From a fan’s perspective, the game of professional fishing continues to get better. Live, on-the-water coverage is fantastic and has made big strides in recent years. I watched a lot of the Elite event on the Mississippi River and was thoroughly entertained. They do a great job with it.
However, there was a big downside.
As I watched, I noticed fish after fish being boat flipped onto hot, dry carpet and bounced off of gunnels and consoles. In my opinion, it was not at all a good look for our sport.
We can certainly do better.
First, some quick history
Some 50-plus years ago, Ray Scott, the founder of the Bass Anglers Sportsmen Society, removed stringers and high mortality rates from the tournament scene. It’s what we all refer to as “catch and release” these days.
Creel limits were decreased sometime after that and fortunately, protecting the resource was made a top priority. Instead of killing the catch, he believed the sport would be better if there were on-board livewells and a way to release every tournament fish back into the water.
He worked with Forrest Wood, the founder of Ranger Boats, on incorporating built-in livewells into the bass boats. Since then, tournament associations have taken pride in live release rates and most have a goal of 100 percent live release.
Conservation is paramount
B.A.S.S. and FLW trails do a lot to protect the fish. This includes aerated weigh-in tanks, release boats and special chemicals to help captured fish recover. They do this at all levels including local, regional and national.
A new, made-for-television series called Major League Fishing has introduced a catch, weigh and release format that’s quickly gaining favor with anglers across the country. Several leagues, including the Indy Fishing League and many clubs, have incorporated that same format.
Penalties for fish touching the boat or tossed back above the gunnel are also part of that program. Logistical issues with in-boat marshalls, scales and wireless communications equipment limit most smaller trails from adopting this format because it can be more expensive to execute.
Nets should be reintroduced
With the new rule requiring all Elite anglers to use non-penetrating culling tags, I’m curious why they don’t allow fishing nets. We don’t want guys to puncture a fish’s mouth, but they’re allowing fish to be flipped into the boat, against the gunnels and off of consoles? Using nets would be much safer for the fish.
I understand the absence of nets increases the competitive challenge and makes for better, more exciting television. It’s certainly more difficult to get fish into the boat without a net, so it increases the suspense for viewers. But I’m not sure if this is good for the resource.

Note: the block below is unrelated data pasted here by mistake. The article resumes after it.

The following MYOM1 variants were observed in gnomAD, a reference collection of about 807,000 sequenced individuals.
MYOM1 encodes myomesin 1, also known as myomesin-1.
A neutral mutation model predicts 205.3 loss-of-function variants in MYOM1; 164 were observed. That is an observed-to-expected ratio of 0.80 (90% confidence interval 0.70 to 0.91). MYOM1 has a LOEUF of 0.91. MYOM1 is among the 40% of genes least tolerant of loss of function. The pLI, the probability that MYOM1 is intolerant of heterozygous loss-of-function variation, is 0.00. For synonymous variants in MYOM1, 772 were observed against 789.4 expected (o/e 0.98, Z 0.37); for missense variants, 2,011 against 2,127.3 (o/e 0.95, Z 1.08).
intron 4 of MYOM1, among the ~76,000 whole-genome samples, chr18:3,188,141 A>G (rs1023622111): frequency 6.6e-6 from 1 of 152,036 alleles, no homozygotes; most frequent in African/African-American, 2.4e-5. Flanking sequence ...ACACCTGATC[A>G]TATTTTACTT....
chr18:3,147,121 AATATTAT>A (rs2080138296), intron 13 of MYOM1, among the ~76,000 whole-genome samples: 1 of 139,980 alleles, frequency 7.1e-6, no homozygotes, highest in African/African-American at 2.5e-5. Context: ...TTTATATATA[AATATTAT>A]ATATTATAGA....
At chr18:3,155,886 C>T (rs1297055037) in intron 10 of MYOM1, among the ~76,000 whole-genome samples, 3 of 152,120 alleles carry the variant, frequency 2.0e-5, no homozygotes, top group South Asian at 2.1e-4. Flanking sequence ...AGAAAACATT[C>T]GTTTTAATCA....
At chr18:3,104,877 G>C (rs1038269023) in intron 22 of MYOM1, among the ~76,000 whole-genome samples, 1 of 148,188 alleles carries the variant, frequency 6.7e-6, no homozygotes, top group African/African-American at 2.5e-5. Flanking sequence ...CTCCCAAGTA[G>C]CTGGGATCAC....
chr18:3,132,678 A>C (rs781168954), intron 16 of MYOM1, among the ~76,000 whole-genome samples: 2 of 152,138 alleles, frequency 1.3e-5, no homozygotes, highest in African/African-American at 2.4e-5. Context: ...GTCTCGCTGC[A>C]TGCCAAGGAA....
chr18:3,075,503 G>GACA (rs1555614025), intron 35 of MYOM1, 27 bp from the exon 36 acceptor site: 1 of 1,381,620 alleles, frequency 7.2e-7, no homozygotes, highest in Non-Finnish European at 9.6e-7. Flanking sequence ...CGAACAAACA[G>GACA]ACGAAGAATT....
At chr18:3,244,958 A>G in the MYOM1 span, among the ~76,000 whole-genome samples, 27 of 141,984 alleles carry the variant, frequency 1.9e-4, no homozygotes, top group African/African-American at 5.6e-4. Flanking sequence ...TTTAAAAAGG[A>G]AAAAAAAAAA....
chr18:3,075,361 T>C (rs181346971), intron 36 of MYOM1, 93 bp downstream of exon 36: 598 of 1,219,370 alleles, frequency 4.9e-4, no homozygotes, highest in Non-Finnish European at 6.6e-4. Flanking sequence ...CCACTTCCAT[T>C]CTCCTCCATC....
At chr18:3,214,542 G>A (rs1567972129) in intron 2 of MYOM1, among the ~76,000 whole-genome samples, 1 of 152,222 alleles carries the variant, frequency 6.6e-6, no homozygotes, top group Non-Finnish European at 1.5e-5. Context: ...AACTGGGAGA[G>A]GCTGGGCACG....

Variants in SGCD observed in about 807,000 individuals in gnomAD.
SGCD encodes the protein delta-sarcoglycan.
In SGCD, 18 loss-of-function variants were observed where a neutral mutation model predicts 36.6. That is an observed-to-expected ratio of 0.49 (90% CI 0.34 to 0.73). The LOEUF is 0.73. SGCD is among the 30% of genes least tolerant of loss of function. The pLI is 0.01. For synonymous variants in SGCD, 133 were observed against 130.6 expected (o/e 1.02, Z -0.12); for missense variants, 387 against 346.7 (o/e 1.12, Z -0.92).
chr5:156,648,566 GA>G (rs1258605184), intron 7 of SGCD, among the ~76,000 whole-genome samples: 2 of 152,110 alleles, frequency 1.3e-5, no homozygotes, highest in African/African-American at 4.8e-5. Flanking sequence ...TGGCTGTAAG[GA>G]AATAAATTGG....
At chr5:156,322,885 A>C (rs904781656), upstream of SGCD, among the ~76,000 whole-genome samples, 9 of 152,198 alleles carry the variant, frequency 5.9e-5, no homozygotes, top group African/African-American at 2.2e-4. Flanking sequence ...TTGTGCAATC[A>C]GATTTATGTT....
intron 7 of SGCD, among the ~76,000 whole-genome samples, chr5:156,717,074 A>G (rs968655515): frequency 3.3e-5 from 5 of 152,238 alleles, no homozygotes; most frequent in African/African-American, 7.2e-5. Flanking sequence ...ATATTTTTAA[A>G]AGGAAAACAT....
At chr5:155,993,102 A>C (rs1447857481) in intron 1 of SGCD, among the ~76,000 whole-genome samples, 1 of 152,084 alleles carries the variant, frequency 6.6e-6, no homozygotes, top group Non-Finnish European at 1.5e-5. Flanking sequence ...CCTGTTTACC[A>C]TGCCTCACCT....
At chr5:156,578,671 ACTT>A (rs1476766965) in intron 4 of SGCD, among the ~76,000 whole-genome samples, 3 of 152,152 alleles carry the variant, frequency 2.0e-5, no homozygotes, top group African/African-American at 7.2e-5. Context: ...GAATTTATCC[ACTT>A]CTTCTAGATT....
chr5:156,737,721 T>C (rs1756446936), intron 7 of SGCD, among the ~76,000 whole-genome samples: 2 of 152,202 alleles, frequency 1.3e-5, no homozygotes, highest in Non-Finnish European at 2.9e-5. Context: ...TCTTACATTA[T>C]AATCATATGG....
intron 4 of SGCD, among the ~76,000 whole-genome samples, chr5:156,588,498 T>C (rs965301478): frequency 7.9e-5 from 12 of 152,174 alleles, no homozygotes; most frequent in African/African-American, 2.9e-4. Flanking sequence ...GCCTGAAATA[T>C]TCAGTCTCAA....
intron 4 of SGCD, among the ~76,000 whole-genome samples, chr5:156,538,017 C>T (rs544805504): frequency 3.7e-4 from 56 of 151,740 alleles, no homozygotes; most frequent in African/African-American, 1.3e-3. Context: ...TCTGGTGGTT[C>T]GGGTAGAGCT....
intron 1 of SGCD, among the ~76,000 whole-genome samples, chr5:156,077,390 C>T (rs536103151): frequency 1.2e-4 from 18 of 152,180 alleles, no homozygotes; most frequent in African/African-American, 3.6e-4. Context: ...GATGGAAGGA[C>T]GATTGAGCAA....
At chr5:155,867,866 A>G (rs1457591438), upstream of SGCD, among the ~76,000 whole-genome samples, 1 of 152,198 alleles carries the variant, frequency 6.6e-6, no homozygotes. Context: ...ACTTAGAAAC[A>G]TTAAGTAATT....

In my opinion, nets would provide two primary benefits. First and foremost, it’s going to ease the stress on the bass. But it would also boost another product category in the fishing industry as manufacturers would begin designing and making more nets. Improvements to materials including the net handle and net material itself could be significant, benefitting both the fish and the industry.
They could also be another way for the anglers and trails to promote sponsors. Net evolution could include branding for television with logos and signage adding value. Not to mention, how many anglers are getting hooks buried in their hands when trying to hand-land bass? It’s happening a lot, even though the general public may not see it.
I think a net should be an option. If the angler doesn’t want one, he doesn’t have to use one. But it’s a better look for our sport, because we don’t need the upcoming and impressionable anglers, and the many groups trying to take fishing and hunting away from outdoorsmen, thinking it’s acceptable to slam fish into the boat and wait 20 seconds before unhooking them.
We’re better than that.
Will nets totally eliminate that problem? I highly doubt it. Can we start giving marshalls the power to police major fish care violations? It’s worth a discussion, at least. We can’t be afraid to talk about this kind of stuff.
The healthiest fish you can put into the livewell is the one that’s caught quickly and immediately placed into a pre-treated livewell. One that has to be fought, chased around the boat and hand landed experiences a lot more stress.
Can it be revisited?
At one time, B.A.S.S. allowed nets for all divisions and I sure would like to see that reinstituted, especially for fish care reasons. Ownership there does tend to listen to their constituents and their whole organization is conservation-minded, so I hope they take the time to revisit this issue.